Saudi inflation falls amid hopeful signs

The fall is one of the first signs that inflation may have peaked in the region after soaring upwards.

epa01174881 Saudi Arabian women pass a clothes shop at Faysaliya Mall in Riyadh, Saudi Arabia on 16 November 2007. Saudi Arabia will host the third OPEC Summit since the cartel's formation 47 years ago from 17 to 18 November. OPEC rejected calls for a production increase, arguing that more OPEC oil on the markets would not influence high oil prices.  EPA/JAMAL NASRALLAH
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Inflation slowed slightly in Saudi Arabia during the month of September, to 10.35 per cent from 10.8 per cent, according to official data. This is one of the first signs that inflation may have peaked in the region, after rising dramatically during the last two years, analysts said. The move comes when several Gulf countries are taking extraordinary measures to pump emergency money into their economies, in an attempt to ease a credit shortage that has sent stock markets reeling and hiked the cost of borrowing for both consumers and bankers throughout the the region.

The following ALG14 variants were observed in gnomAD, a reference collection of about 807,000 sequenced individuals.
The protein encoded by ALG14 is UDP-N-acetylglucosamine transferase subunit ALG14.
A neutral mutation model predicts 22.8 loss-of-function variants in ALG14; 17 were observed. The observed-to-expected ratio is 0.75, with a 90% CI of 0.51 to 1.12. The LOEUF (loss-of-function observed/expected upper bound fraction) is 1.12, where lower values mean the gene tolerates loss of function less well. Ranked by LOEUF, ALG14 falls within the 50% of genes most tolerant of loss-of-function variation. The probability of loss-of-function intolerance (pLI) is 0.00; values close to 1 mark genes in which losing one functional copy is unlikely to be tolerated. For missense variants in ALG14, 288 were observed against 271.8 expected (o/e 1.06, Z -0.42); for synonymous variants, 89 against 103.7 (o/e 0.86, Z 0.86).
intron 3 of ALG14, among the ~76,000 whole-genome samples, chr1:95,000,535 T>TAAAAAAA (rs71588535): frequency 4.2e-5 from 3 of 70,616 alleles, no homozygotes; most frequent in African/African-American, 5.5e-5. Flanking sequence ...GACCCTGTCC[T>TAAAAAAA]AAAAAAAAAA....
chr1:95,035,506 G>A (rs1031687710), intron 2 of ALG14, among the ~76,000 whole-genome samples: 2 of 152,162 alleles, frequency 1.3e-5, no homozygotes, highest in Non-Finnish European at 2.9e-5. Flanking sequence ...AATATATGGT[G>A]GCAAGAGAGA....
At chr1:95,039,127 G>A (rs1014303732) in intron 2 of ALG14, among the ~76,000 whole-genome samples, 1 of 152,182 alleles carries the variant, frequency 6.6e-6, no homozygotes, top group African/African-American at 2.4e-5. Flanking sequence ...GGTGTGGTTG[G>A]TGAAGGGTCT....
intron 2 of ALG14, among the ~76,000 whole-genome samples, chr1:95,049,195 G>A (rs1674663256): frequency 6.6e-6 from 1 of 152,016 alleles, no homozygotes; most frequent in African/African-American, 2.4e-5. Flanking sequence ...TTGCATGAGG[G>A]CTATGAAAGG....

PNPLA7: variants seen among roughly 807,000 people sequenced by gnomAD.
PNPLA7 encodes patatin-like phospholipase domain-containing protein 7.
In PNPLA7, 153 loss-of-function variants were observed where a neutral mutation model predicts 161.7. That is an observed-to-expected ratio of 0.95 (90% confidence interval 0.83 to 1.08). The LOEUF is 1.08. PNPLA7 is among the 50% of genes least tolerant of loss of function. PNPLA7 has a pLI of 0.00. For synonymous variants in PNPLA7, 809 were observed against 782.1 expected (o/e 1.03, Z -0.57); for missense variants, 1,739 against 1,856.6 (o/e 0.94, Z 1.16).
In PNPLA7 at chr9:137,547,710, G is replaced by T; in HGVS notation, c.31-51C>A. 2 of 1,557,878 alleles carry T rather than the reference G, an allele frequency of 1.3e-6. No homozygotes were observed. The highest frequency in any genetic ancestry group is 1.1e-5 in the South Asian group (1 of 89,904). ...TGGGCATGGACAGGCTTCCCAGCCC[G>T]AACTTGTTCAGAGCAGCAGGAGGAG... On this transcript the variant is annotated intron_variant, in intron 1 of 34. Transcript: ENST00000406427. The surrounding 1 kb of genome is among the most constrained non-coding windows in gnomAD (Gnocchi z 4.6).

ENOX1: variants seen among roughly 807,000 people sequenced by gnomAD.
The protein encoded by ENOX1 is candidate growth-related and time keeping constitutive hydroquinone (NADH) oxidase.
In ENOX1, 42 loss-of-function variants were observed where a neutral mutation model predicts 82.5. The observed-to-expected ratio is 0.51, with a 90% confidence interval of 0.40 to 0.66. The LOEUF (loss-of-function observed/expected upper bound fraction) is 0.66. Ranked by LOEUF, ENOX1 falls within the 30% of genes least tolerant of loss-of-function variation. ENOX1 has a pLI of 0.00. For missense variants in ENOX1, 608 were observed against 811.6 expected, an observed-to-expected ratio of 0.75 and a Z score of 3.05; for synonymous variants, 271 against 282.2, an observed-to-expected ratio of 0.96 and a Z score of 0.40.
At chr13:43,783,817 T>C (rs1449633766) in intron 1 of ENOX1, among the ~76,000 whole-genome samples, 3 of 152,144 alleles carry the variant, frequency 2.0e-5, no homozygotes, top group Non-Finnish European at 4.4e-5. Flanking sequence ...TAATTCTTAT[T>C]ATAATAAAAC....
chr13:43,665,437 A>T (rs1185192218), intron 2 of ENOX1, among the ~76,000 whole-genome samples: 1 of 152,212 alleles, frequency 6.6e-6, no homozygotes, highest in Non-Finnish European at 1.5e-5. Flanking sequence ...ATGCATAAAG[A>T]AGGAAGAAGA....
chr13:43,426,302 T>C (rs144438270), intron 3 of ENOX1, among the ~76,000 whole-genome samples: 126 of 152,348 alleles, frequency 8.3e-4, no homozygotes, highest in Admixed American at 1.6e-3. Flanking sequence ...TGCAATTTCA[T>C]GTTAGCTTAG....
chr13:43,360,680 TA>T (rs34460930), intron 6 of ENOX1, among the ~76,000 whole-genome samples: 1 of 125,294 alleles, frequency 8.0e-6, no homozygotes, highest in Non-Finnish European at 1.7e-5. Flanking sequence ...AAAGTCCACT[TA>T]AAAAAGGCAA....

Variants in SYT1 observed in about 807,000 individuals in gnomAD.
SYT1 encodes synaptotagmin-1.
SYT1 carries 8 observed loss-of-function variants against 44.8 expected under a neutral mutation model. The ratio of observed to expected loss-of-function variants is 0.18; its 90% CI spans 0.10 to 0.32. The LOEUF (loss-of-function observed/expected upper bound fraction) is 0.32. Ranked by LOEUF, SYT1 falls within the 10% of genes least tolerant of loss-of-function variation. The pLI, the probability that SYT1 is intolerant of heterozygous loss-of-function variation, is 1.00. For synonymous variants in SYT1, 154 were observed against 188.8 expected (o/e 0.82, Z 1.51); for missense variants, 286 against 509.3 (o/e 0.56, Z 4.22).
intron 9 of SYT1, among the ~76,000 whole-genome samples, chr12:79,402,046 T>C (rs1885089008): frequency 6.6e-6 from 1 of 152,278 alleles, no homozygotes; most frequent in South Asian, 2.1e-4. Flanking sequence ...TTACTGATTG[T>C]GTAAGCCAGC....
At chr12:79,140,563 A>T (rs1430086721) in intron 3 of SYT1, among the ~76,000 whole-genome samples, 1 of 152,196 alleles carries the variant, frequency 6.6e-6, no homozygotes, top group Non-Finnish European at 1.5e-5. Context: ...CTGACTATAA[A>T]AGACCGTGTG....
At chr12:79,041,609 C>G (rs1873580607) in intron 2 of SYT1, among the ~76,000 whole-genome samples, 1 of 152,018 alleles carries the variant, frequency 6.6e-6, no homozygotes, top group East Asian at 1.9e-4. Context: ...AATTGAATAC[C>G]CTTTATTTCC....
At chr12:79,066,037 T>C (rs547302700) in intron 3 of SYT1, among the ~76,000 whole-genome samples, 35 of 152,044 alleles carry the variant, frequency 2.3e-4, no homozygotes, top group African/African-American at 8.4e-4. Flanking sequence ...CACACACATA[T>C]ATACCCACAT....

"This indicates inflation is on a downward trend and that the peak was during the summer," said John Sfakianakis, chief economist at SABB bank. "This says to me that the government's priority in 2009 will no longer be inflation but growth." Government actions taken during the last two months to ease the credit crunch ? including injecting money directly into banks and lowering key interest rates ? would normally contribute to inflation, economists say. However, a strengthening dollar has helped to rein in price increases, since most Gulf countries peg their currencies to the dollar. When the dollar weakened earlier this year, it made imports more expensive, driving up inflation.

*with agencies